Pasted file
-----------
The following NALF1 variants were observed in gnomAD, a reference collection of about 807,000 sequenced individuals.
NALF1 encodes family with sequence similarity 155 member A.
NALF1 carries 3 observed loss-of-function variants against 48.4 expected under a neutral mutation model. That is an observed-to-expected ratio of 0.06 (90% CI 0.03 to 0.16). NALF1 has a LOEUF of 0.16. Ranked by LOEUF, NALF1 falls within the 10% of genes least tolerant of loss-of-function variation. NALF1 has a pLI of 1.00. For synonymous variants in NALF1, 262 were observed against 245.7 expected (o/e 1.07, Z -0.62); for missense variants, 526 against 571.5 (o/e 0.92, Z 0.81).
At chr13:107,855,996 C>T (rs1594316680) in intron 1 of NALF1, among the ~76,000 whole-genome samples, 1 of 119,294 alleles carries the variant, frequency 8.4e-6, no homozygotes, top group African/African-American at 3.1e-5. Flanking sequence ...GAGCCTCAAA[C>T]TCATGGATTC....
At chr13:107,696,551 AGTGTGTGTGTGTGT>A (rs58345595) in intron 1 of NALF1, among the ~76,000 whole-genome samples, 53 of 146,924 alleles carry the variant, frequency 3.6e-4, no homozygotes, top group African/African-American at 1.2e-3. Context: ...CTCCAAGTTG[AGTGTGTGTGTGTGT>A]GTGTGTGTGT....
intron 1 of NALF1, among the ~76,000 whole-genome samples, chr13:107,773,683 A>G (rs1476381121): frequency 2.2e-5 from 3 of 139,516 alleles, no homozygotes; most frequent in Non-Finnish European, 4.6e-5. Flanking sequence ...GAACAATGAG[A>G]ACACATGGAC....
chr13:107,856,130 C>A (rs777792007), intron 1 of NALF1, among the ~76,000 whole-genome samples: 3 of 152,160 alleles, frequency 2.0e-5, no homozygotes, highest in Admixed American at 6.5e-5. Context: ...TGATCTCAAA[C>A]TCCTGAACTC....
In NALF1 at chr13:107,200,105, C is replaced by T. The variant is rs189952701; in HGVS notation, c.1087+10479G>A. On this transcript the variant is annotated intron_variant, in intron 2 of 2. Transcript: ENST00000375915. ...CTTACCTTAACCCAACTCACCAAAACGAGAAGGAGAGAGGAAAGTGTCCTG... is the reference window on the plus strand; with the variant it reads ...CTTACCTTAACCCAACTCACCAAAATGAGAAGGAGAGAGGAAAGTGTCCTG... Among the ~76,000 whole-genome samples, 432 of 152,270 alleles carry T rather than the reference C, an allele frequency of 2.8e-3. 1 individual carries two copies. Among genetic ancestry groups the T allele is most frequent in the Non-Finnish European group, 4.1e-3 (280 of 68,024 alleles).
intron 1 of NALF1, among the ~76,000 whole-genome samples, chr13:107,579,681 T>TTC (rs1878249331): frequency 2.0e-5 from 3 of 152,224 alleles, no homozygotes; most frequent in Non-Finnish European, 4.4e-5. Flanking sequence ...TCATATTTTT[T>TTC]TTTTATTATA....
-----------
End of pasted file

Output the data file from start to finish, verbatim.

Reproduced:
The following NALF1 variants were observed in gnomAD, a reference collection of about 807,000 sequenced individuals.
NALF1 encodes family with sequence similarity 155 member A.
NALF1 carries 3 observed loss-of-function variants against 48.4 expected under a neutral mutation model. That is an observed-to-expected ratio of 0.06 (90% CI 0.03 to 0.16). NALF1 has a LOEUF of 0.16. Ranked by LOEUF, NALF1 falls within the 10% of genes least tolerant of loss-of-function variation. NALF1 has a pLI of 1.00. For synonymous variants in NALF1, 262 were observed against 245.7 expected (o/e 1.07, Z -0.62); for missense variants, 526 against 571.5 (o/e 0.92, Z 0.81).
At chr13:107,855,996 C>T (rs1594316680) in intron 1 of NALF1, among the ~76,000 whole-genome samples, 1 of 119,294 alleles carries the variant, frequency 8.4e-6, no homozygotes, top group African/African-American at 3.1e-5. Flanking sequence ...GAGCCTCAAA[C>T]TCATGGATTC....
At chr13:107,696,551 AGTGTGTGTGTGTGT>A (rs58345595) in intron 1 of NALF1, among the ~76,000 whole-genome samples, 53 of 146,924 alleles carry the variant, frequency 3.6e-4, no homozygotes, top group African/African-American at 1.2e-3. Context: ...CTCCAAGTTG[AGTGTGTGTGTGTGT>A]GTGTGTGTGT....
intron 1 of NALF1, among the ~76,000 whole-genome samples, chr13:107,773,683 A>G (rs1476381121): frequency 2.2e-5 from 3 of 139,516 alleles, no homozygotes; most frequent in Non-Finnish European, 4.6e-5. Flanking sequence ...GAACAATGAG[A>G]ACACATGGAC....
chr13:107,856,130 C>A (rs777792007), intron 1 of NALF1, among the ~76,000 whole-genome samples: 3 of 152,160 alleles, frequency 2.0e-5, no homozygotes, highest in Admixed American at 6.5e-5. Context: ...TGATCTCAAA[C>A]TCCTGAACTC....
In NALF1 at chr13:107,200,105, C is replaced by T. The variant is rs189952701; in HGVS notation, c.1087+10479G>A. On this transcript the variant is annotated intron_variant, in intron 2 of 2. Transcript: ENST00000375915. ...CTTACCTTAACCCAACTCACCAAAACGAGAAGGAGAGAGGAAAGTGTCCTG... is the reference window on the plus strand; with the variant it reads ...CTTACCTTAACCCAACTCACCAAAATGAGAAGGAGAGAGGAAAGTGTCCTG... Among the ~76,000 whole-genome samples, 432 of 152,270 alleles carry T rather than the reference C, an allele frequency of 2.8e-3. 1 individual carries two copies. Among genetic ancestry groups the T allele is most frequent in the Non-Finnish European group, 4.1e-3 (280 of 68,024 alleles).
intron 1 of NALF1, among the ~76,000 whole-genome samples, chr13:107,579,681 T>TTC (rs1878249331): frequency 2.0e-5 from 3 of 152,224 alleles, no homozygotes; most frequent in Non-Finnish European, 4.4e-5. Flanking sequence ...TCATATTTTT[T>TTC]TTTTATTATA....